So, the ASUS WL500g Premium is based on the BCM4704 processor from Broadcom. It is a 32-bit MIPS processor with a default clock rate of 300MHz, but it is clocked at 264MHz in the WL500g Premium.
The router’s firmware is stored in a Spansion flash memory chip (8MB capacity, 90ns access time when initializing and 25ns access time when accessing a memory page).
The router has 32 megabytes of system memory in two DDR SDRAM chips from Hynix.
There are two controllers outside the screen. One is the VT6212L chip from VIA, the other is the BCM5325E chip from Broadcom. The latter is a Fast Ethernet switch with an integrated 128-bit frame buffer and automatic cable type detection (ordinary or crossover).
The VIA chip is a four-port USB 2.0 host-controller. The router has only two USB ports, though.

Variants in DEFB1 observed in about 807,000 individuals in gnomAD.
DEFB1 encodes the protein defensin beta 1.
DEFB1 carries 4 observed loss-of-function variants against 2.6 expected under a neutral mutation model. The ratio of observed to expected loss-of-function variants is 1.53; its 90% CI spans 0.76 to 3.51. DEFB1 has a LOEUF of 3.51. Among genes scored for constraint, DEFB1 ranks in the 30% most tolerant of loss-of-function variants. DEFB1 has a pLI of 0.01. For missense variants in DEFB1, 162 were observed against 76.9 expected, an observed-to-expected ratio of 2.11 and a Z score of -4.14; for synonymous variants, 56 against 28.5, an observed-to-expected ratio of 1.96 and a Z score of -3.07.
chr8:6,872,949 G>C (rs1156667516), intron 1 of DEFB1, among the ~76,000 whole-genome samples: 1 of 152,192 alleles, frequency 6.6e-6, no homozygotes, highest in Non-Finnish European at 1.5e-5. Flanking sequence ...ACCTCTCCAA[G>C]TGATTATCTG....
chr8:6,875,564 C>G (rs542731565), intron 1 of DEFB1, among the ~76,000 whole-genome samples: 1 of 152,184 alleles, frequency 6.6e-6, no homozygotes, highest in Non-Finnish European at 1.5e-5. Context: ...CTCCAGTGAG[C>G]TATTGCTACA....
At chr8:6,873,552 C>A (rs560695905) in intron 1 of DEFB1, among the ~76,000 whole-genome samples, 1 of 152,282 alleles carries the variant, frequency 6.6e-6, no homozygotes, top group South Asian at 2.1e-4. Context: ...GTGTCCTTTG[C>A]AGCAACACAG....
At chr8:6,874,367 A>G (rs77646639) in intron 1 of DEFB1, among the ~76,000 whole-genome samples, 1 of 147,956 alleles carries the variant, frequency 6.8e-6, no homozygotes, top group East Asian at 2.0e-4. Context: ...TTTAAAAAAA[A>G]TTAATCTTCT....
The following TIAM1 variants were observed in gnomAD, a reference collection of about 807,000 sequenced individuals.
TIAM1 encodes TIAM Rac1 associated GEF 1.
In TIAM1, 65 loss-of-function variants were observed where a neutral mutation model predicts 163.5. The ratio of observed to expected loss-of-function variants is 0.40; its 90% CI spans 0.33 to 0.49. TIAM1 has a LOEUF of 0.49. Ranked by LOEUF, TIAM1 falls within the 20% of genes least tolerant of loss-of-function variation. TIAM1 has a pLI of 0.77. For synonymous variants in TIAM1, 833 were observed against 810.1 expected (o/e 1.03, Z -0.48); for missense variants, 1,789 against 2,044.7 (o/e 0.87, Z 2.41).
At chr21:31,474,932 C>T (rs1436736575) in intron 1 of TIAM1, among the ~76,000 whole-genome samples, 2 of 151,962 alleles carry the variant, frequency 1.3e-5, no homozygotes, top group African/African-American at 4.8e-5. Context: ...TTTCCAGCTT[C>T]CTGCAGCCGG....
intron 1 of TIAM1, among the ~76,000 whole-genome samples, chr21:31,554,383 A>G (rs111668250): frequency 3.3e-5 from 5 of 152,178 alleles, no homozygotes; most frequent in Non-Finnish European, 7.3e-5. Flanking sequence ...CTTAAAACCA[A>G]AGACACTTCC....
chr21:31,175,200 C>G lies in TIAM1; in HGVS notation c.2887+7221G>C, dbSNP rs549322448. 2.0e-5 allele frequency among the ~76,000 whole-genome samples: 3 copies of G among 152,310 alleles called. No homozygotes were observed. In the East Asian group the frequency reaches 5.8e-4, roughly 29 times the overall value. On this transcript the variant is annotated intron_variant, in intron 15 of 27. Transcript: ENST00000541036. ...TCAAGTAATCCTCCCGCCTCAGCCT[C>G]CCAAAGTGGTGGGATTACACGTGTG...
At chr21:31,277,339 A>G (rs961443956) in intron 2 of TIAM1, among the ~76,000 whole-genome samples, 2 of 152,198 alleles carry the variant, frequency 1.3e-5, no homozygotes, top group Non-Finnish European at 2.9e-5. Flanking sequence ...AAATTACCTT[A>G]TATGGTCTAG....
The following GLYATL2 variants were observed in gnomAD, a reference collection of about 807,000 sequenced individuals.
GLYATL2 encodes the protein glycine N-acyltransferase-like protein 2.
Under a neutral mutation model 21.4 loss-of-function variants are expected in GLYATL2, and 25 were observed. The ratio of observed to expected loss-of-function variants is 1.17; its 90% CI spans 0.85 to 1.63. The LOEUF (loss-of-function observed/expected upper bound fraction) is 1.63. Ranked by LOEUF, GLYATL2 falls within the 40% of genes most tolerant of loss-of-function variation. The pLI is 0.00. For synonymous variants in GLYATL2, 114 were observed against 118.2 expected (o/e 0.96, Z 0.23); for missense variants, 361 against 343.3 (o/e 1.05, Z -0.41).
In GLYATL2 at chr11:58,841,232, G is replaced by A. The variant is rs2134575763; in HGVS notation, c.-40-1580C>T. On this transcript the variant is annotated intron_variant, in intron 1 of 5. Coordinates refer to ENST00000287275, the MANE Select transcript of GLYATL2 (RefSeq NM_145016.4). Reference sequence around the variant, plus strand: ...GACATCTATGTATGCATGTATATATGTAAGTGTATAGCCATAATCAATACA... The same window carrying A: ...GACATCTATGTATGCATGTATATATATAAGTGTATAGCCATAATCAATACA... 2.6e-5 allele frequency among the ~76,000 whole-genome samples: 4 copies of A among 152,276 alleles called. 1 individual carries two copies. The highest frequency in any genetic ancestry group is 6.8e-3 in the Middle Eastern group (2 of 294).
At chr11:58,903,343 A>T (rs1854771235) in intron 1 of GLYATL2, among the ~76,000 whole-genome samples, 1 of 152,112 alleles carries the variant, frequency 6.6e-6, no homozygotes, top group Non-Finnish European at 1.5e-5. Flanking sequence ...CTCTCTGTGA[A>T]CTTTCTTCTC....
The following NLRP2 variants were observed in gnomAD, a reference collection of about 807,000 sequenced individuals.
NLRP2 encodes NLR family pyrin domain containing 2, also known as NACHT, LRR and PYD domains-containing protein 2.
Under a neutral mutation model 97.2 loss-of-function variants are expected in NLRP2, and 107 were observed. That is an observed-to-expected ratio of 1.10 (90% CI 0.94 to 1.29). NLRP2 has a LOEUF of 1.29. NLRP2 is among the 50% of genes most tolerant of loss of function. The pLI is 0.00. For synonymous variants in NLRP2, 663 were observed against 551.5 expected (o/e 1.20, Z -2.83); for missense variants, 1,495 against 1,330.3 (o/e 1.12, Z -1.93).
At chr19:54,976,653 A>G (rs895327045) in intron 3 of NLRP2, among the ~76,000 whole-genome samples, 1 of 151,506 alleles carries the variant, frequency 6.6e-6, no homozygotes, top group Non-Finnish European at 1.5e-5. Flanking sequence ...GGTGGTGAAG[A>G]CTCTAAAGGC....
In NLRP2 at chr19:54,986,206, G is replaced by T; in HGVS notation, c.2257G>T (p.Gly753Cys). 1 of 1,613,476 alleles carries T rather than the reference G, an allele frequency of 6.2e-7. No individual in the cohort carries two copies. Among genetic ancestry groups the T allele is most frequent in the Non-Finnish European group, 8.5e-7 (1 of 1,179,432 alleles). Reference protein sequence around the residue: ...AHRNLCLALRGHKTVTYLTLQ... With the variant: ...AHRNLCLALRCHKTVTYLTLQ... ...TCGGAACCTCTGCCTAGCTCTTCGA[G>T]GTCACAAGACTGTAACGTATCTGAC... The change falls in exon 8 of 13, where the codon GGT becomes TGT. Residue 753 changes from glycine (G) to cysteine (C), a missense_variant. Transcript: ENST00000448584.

And finally, a console can be connected to the WL-500W via UART bus for debugging purposes. This connector was missing in our sample of the router, but there was a seat for it on the PCB.
The single new component in the WL-500W is the WLAN module that supports draft IEEE 802.11n.
By the way, this router is one of the first devices for which the manufacturer guarantees full compatibility with the final version of the new wireless communication standard. The separate card carries a BCN4321 MAC-level controller and a BCM2055 RF chip.
These two chips make up the Intensi-fi chipset from Broadcom that is becoming ever more popular among WLAN equipment makers. Here are its specs quoted from the Broadcom website.
The electronic stuffing of the WL-500W had done well in the WL-500g Premium, and ASUS engineers didn’t want to invent anything new, except for the WLAN card. There is only one problem here: the new model uses a Fast Ethernet switch. This solution was good for the 802.11 standard but not quite for the new WLAN standard. As we learned from our tests of the D-Link DIR-655, the 802.11n can only reveal its full potential when used together with Gigabit Ethernet.